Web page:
RBC rallies its friends to keep tech giants at bay
The head of the Royal Bank of Canada sounded a rallying cry for corporate Canada on Wednesday, urging firms north of the border to “band together” to fend off the threat to their businesses posed by global technology giants.
“As we look outside our borders, the platforms are almost all foreign owned, and they are collecting more information and more insight on Canadians than Canadian firms are,” said Dave McKay, president and chief executive of RBC, during an investor day in Toronto. “So it’s an imperative that we kind of band together as Canadian firms with insight into Canadians to take control of our future.”
The pitch came as RBC unveiled new goals for its Canadian business that include increased efficiency and the addition of more than 2.5 million new clients by 2023.
The country’s biggest bank plans to take advantage of its scale to get there, as well as a tech-focused strategy that will utilize RBC’s treasure trove of customer data, investments in start-up-like “ventures” and lower costs created by the growing digitization of the business.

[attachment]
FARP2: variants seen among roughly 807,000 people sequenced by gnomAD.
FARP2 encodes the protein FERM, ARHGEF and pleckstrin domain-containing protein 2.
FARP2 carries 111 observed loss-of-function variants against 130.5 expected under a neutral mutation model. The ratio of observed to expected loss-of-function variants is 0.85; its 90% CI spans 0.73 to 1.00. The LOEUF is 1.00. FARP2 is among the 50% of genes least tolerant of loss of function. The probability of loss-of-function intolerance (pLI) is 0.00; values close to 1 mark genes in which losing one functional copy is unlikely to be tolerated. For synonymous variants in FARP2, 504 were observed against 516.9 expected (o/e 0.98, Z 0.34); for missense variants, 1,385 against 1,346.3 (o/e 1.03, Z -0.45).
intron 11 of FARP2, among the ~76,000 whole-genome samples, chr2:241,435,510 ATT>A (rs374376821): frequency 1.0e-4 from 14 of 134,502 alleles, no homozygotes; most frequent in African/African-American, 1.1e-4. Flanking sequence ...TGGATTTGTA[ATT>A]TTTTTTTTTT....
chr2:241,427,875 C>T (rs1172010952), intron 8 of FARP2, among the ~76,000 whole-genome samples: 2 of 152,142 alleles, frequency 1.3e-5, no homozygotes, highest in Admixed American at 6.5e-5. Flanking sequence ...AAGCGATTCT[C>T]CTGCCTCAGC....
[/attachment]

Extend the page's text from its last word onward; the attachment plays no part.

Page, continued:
But the bank will also lean on partnerships with other companies, a point underscored during an onstage discussion between McKay and executives from Suncor Energy Inc., Indigo Books & Music Inc. and WestJet Airlines Ltd.
Ed Sims, president and CEO of WestJet, noted that despite their different industries, the three were all facing competition on some level from the likes of Amazon.com Inc. and Alphabet Inc.’s Google.
“I don’t worry about what’s happening in Montreal (where WestJet’s chief rival, Air Canada, is based), I worry about Google,” he said.
In keeping with the theme, RBC and WestJet announced a new “next generation loyalty platform” on Wednesday, which has been dubbed Ampli and will be open to all Canadians. Other merchant partners in the program are to be announced over the coming months, with Ampli to debut later this year with “merchant offers, flexible rewards and exclusive bonuses,” according to a release.
McKay said that one of the goals was to create a “counterweight” to some of the non-Canadian platforms out there.